ange on 04/23/2013 at 08:44AM
Bring the public domain into the future! This April, WFMU and the Free Music Archive are challenging artists everywhere to create new recordings and contemporary arrangements of historic compositions available in the public domain. We’re calling this our Revitalize Music Contest.
Every song (except for perhaps "Happy Birthday") will someday fall out of copyright. Archives such as the IMSLP/Petrucci Music Library, Musopen and the Public Domain Information Project chart the vast and ever-expanding troves of public domain music. Participants in our Revitalize Music Contest will help bring these works to life by creating new recordings, and feeding them back into the public domain.
To inspire entries, we’ve handpicked a selection of out-of-copyright songs with compelling lyrics, beautiful melodies, and unusual stories. Keep in mind that unless materials are listed in our contest repository, the recordings of performances we link to are still within the scope of copyright. After learning about the songs and contest rules here below, you can browse our pool of entries.
God Be With You Until We Meet Again (1880)
An old Mormon hymn with a beautiful melody that first came to our attention when Haruomi Hosono (of Yellow Magic Orchestra) recorded a version. You can stream this version for inspiration. It features lyrics by Jeremiah E. Rankin (1828-1904) and music by William G. Tomer (1833-1896).
Beautiful Dreamer (1862)
In addition to showing up constantly on TV, movies, and when you open musical jewelry boxes, this song has been recorded by Bing Crosby, Roy Orbison, and (our personal favorite) Justine and the Victorian Punks. It was originally a parlor song by Stephen Foster (1826–1864) that was published posthumously by Wm. A. Pond & Co. of New York.
The Spaniard That Blighted My Life (1911)
A comic song that was performed by Al Jolson in his show The Honeymoon Express. It's also notably been sung by "outsider" musician Tony Mason-Cox, an Australian insurance agent who believed himself to be the reincarnation of a black slave from 19th Century Alabama. It was written by Billy Merson.
Felix Arndt (1889–1918) wrote this novelty ragtime-style piano roll as an engagement gift to his fiancée (and later wife), Nola Locke. He died just three years after it was published, and lyrics were later added by James F. Burns.
April 28, 2013: Submissions Deadline at 6:00pm ET
April 30, 2013: We'll be announcing the judge's favorite songs, including our first place winner.
One winning song from our pool of entries will be given a Rebecca Black "Friday" treatment. We’ll be hiring a music video professional to create an original music video that showcases the winning song and shares it with a wider audience.
Our judges include Edward Guo (Founding Director, IMSLP/Petrucci Music Library), April Ledbetter (Dust-to-Digital Record Company), Laura Cantrell (Singer-Songwriter), Joel Meyer (Executive Producer, WNYC's Soundcheck), Adam Green (Editor, Public Domain Review) and Ken Freedman (Station Manager, WFMU). They'll be evaluating entries based on originality, creativity, artistic merit, adherence to the "Revitalize Music" theme, and general musical appeal. We welcome exact covers, in-exact covers, repurposed elements, mashups, stems, and everything in-between. You can focus on the songs we’ve chosen above, or dig up your own. More information about our judges can be found here.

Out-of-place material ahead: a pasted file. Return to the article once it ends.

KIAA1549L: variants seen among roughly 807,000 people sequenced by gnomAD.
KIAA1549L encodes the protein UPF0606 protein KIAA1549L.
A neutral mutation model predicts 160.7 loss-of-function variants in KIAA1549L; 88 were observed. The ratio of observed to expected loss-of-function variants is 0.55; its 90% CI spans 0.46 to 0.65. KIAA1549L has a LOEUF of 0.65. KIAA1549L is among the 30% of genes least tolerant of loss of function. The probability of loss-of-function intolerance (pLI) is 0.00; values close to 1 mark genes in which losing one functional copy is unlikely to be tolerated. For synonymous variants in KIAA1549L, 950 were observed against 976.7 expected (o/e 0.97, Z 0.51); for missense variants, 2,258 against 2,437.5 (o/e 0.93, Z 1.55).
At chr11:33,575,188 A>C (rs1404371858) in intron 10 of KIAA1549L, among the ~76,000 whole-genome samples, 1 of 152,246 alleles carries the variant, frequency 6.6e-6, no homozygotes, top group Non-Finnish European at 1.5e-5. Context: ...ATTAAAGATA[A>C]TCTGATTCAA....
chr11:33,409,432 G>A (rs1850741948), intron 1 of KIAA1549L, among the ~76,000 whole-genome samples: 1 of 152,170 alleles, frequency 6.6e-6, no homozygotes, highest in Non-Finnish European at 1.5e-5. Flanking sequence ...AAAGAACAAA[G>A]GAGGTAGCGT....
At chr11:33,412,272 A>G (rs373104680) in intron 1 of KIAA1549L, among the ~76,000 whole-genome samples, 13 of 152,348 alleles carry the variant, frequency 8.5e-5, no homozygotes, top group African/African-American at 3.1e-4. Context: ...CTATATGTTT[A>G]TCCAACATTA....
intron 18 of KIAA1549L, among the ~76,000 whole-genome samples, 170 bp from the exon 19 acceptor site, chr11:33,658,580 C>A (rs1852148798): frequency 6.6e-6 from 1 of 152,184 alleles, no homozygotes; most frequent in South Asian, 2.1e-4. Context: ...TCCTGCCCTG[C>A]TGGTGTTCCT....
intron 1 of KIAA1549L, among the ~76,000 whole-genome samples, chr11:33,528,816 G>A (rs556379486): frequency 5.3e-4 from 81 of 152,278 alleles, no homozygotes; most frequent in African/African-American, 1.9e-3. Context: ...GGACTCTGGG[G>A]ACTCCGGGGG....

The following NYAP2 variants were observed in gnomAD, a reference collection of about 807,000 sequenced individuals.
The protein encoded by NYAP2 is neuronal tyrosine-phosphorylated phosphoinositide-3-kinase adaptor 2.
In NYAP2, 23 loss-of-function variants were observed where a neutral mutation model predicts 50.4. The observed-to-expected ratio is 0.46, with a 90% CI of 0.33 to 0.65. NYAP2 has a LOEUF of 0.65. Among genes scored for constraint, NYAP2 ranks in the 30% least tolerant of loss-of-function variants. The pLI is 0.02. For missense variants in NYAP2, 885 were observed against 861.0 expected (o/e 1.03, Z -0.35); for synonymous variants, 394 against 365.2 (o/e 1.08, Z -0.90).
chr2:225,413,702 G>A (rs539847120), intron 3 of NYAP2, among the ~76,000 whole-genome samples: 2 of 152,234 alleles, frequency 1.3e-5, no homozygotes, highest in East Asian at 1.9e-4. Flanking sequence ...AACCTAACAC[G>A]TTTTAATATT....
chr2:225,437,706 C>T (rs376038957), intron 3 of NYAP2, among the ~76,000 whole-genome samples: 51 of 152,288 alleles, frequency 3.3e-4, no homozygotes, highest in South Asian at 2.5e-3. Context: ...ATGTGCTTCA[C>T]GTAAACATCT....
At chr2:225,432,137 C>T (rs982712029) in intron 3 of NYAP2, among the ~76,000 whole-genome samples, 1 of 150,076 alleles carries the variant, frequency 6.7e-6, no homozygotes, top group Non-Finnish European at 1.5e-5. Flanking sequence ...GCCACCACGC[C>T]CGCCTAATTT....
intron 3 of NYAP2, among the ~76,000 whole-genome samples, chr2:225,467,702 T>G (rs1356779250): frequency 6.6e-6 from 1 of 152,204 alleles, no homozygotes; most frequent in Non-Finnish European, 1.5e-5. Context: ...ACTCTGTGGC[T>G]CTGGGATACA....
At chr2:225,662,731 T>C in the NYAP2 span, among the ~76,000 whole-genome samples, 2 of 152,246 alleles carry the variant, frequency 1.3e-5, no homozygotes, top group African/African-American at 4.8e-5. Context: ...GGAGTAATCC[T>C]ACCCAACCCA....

- Entries should be comprised of music that you create yourself, material that's in the public domain, or other material that you have express permission to use. Keep in mind that most recordings and performances of these public domain songs are still within the scope of copyright.
- Entrants must create accounts on the Free Music Archive in order to submit to the contest. This way we have your info. You can sign up here.
- Entries must be in the form of an audio recording and in MP3 format, stereo bitrate 192kbps or higher (256kbps preferred).
- Entries must be submitted using our form here. You can submit as many entries as you'd like.
Please see our Official Rules.
MORE ABOUT THE PUBLIC DOMAIN
Songs enter the public domain when their copyright expires or if the song’s author has forfeited rights and dedicated the song to the greater good. The Public Domain Review explains the public domain eloquently as an "invaluable and indispensable good, which - like our natural environment and our physical heritage - deserves to be explicitly recognized, protected and appreciated."
MORE ABOUT CC0
While most songs enter the public domain because of old age, Creative Commons offers a CC0 Public Domain Declaration that allows artists to dedicate their work to the public domain. It seems fitting that entries to the contest will breathe new life into the Public Domain by returning to whence they came. These new works can then be more easily shared, remixed, and built upon during the contest and after the contest ends. We imagine these entries being used in video projects, coursework, video games, podcasts, and beyond.
Using CC0, you waive all copyrights and related or neighboring rights that you have over your work, such as your moral rights (to the extent waiveable), your publicity or privacy rights, rights you have protecting against unfair competition, database rights, and rights protecting the extraction, dissemination, and reuse of data. More information here.
Don't hesitate to send us a note.
This contest is supported in part by an award from the National Endowment for the Arts.